Thursday, February 09, 2017

Mystrael Shawk -- An Effect Based Lightning Wizard for D&D

Last week, I discussed how useful it can be to approach D&D magic from an effects based or special effect design philosophy as both a player and a DM. Using this approach allows for gamers to add a little of narrative magic without the need to have a deep understanding of the mechanical balance underlying the game system required to make new spells from whole cloth. This is an approach used by the Champions role playing game and by Pinnacle Entertainment Group's Savage Worlds rpg. The Savage Worlds rule book describes this approach in the following way:

"But just because these powers work the same from setting to setting doesn’t mean they have to look the same, have the same names (to the characters in that world), or even have the exact same effects—that’s where Trappings come in.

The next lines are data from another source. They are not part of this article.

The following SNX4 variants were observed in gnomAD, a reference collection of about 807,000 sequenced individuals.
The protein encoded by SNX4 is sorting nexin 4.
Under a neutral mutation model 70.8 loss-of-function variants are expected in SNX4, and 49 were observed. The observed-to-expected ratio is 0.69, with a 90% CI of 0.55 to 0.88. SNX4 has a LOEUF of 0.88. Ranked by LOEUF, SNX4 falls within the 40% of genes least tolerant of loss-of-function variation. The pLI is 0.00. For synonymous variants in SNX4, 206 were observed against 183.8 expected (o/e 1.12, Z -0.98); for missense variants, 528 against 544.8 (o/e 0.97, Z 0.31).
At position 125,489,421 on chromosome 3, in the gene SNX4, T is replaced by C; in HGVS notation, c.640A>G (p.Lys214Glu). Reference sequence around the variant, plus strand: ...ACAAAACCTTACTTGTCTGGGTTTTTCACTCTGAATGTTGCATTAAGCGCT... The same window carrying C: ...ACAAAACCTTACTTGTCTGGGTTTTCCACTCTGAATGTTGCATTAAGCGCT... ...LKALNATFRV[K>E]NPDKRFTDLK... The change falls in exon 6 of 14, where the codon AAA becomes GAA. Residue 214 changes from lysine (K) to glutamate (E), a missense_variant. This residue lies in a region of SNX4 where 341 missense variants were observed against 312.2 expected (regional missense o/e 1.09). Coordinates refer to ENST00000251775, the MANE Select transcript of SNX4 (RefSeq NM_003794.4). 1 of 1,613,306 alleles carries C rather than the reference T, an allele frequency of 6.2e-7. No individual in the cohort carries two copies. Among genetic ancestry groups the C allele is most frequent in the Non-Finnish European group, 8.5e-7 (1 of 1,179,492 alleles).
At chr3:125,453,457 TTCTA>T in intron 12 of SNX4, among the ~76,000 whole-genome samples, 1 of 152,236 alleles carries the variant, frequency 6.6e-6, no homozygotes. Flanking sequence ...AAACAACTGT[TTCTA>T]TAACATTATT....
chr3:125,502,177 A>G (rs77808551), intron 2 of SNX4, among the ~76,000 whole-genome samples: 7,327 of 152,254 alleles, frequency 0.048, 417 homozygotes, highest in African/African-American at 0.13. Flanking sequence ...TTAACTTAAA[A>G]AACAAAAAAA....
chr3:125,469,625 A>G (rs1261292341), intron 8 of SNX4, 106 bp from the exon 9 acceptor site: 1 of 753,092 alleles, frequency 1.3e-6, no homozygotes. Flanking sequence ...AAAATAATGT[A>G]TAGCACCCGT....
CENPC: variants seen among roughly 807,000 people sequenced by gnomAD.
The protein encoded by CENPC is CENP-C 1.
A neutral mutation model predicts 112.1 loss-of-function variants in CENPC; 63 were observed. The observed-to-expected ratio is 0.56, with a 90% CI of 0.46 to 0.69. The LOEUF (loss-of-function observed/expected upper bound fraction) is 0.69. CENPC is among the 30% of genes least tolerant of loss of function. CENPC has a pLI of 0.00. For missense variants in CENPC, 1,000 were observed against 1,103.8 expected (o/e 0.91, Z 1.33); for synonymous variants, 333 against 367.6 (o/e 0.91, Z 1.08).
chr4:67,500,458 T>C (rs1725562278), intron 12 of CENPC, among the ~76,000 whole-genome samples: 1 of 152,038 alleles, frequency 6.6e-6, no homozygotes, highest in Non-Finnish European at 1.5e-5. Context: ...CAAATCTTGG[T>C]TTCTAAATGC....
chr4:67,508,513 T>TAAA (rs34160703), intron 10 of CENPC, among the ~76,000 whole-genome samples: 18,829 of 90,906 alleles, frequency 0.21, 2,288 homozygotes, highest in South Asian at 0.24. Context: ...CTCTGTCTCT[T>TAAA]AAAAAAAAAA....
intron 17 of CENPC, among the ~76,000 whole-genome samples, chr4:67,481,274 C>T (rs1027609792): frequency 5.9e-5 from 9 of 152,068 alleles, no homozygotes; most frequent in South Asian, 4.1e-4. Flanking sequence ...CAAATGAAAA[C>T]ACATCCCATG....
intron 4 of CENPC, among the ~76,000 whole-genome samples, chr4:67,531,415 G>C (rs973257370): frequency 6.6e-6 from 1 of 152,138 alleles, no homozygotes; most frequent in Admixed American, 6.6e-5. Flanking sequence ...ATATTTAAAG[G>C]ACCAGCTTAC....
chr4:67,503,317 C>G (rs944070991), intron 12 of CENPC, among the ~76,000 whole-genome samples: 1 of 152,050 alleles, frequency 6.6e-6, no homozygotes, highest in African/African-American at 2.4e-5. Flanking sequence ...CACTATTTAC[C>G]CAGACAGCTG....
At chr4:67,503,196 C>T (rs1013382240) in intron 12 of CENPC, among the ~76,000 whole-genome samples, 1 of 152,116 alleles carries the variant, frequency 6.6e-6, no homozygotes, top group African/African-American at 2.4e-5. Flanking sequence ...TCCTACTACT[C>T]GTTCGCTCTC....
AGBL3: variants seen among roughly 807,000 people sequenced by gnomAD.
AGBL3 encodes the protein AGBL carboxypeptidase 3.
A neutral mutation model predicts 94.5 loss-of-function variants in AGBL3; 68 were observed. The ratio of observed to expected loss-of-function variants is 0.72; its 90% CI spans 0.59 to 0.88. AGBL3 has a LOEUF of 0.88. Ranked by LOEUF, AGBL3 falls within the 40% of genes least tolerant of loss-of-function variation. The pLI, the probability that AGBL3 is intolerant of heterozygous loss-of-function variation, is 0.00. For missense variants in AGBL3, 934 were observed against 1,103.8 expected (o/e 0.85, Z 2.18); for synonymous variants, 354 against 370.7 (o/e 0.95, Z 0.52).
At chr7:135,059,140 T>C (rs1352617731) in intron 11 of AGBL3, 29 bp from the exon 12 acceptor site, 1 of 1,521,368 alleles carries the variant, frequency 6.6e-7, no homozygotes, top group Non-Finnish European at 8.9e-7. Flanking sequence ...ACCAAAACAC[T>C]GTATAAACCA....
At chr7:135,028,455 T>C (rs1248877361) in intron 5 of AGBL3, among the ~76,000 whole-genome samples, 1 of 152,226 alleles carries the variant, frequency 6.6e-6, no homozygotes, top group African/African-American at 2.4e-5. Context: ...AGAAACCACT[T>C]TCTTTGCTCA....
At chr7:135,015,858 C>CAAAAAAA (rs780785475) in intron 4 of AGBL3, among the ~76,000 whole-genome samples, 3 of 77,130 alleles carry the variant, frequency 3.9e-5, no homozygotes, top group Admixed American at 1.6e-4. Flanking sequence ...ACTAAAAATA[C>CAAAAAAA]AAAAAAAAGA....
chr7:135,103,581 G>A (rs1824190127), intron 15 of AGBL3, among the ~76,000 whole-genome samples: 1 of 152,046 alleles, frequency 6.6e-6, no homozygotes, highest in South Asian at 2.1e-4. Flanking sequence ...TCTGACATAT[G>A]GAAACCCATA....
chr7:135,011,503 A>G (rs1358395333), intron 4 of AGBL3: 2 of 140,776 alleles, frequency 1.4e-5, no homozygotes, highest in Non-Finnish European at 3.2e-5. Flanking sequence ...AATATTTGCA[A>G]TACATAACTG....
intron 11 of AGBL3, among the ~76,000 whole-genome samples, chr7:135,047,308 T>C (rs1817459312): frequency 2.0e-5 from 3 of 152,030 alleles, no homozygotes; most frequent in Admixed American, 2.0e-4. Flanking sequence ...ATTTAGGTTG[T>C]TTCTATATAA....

For the most part, Trappings should be merely cosmetic. But sometimes it makes sense for there to be additional effects. A heat ray should have a chance of catching combustible objects on fire, for example, and an electric blast should do slightly more damage to targets in full metal armor."
Coming at magic from a special effects approach can be intimidating and you might not trust me that it can be done without creating a lot of work for players and DMs, but I'm going to attempt to show you how it does just the opposite. It allows for the creation of a lot of imaginative and narrative effects without the need for creating new mechanics. To aid in this process, I will be posting a series of D&D 5e Wizards based on Power Themes and who use effects based spells.